Hostage negotiators from around Ohio are spending three days sharing trade secrets in Columbus.
"We're not afraid to copy someone else's techniques if it's going to help end a situation," said Det. Dana Farbacher.
Farbacher leads Columbus police's hostage negotiation team.
He said Columbus SWAT helped Westerville police in a standoff with a man in a house for four hours just three nights ago. He added that standoff situations are occurring more often.
Hostage negotiators rely on technology to help.
Negotiators have used throw phones that they can toss into a home to reach a suspect.
Now, a new technology is available called a QUAD rescue phone. It allows one cell phone to hook to multiple lines which keeps communication with the suspect, so they never need to hang up.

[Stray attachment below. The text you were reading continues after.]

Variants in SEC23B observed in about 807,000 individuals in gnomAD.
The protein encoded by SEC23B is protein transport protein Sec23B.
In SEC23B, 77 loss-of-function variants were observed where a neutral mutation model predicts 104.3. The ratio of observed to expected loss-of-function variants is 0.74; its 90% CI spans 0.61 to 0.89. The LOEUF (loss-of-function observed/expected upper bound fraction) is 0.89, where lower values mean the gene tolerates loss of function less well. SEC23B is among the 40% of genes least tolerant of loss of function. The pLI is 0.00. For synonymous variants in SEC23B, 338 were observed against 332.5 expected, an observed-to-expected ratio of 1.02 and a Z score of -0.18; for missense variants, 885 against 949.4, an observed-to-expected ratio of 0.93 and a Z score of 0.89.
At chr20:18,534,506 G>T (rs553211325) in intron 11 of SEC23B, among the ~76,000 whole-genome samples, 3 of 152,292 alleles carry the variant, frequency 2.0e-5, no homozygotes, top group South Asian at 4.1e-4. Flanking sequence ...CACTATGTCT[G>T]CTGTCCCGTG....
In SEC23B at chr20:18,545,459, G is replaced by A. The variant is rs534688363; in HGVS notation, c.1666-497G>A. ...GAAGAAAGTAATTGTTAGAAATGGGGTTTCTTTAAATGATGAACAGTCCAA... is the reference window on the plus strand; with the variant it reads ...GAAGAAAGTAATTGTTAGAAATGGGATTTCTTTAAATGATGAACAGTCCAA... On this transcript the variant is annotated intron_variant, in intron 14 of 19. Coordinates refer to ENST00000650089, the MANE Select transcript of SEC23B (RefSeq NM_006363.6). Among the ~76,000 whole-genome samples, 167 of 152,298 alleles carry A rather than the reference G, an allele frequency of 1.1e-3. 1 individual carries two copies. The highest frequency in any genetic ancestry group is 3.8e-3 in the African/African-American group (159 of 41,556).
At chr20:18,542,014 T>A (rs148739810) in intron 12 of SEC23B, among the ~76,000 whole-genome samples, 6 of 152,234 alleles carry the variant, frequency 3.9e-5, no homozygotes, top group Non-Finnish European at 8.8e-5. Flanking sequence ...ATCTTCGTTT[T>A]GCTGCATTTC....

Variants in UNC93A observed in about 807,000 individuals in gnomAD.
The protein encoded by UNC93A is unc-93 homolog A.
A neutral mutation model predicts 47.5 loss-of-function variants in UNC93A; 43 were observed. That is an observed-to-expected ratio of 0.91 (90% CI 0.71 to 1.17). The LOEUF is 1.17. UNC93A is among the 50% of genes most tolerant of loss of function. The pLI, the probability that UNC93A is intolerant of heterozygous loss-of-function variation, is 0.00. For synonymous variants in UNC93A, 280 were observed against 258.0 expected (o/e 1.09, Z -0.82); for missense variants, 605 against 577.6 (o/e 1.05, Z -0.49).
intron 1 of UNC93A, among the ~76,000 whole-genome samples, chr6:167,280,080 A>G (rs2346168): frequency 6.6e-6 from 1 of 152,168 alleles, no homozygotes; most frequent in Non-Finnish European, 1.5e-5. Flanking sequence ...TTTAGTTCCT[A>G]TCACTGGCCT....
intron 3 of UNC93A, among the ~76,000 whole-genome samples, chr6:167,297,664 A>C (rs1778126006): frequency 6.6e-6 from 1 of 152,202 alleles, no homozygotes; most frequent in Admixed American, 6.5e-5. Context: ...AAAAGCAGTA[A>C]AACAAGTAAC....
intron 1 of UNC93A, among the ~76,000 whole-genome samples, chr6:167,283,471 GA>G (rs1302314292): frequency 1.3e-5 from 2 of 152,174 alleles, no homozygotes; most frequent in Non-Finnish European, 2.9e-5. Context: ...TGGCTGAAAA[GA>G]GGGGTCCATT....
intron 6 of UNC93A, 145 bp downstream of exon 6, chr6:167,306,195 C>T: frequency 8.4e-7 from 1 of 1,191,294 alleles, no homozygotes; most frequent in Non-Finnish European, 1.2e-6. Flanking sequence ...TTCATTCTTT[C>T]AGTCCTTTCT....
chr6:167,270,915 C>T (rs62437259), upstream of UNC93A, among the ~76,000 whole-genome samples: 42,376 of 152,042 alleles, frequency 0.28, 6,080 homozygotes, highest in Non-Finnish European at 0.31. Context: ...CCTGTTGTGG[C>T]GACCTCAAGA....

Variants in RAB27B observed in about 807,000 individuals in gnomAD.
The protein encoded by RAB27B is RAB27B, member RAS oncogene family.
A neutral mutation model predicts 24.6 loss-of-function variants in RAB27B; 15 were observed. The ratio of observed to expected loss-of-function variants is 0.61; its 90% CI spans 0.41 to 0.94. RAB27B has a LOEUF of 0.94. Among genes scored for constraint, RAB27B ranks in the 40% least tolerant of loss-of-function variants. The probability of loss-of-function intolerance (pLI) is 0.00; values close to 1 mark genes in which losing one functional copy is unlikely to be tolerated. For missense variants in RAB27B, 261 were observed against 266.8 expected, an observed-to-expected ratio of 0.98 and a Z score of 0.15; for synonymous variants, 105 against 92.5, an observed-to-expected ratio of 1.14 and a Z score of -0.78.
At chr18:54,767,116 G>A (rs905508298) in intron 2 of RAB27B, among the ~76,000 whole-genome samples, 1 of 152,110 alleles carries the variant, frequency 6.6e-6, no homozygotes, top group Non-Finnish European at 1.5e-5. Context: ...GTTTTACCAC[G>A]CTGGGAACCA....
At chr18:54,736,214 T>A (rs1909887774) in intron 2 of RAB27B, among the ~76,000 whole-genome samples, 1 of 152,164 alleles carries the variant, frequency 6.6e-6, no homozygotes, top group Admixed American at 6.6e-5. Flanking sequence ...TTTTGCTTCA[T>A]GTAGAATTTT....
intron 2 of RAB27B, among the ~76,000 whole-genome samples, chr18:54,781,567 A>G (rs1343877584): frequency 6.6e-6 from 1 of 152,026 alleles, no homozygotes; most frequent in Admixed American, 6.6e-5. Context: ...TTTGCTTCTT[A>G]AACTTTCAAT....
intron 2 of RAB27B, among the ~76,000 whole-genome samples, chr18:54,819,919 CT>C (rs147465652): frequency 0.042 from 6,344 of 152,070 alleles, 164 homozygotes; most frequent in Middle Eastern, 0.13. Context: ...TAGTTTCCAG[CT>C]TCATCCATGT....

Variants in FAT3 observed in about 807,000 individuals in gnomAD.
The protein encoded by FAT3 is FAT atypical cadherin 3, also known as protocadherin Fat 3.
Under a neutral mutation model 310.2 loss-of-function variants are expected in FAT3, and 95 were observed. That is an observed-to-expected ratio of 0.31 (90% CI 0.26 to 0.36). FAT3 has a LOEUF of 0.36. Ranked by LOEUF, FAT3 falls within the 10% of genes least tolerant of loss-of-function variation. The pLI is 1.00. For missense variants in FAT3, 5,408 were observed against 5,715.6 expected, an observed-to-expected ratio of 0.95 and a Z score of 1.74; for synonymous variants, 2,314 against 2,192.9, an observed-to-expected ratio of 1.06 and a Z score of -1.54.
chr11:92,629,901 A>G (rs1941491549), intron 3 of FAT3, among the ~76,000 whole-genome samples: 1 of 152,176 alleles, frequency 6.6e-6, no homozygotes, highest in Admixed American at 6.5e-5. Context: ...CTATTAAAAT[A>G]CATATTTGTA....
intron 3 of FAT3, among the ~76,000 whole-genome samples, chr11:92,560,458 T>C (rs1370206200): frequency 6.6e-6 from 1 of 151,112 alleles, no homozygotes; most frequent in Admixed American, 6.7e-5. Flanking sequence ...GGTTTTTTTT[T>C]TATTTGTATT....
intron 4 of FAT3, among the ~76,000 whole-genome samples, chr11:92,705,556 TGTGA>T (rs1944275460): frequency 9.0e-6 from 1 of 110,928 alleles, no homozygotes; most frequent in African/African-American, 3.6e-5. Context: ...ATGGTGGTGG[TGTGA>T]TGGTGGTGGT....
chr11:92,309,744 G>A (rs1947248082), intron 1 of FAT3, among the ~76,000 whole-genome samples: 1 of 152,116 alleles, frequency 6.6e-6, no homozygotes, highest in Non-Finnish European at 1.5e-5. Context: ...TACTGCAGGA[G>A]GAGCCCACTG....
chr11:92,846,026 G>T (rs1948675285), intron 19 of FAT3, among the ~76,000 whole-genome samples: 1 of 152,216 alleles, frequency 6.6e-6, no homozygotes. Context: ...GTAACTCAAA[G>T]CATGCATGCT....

The goal of the new technology is to provide another tool to allow negotiators to get suspects out safely.
Experts said the most important part of any negotiation, still comes down to communication.
"If you can imagine texting with someone you lose that emotional aspect of it, you can't hear their voice, their tone, inflection, which you can pick up so much from," said Farbacher.
Columbus has hosted the Midwest Crisis Negotiators conference for 19 years. It continues through Friday.
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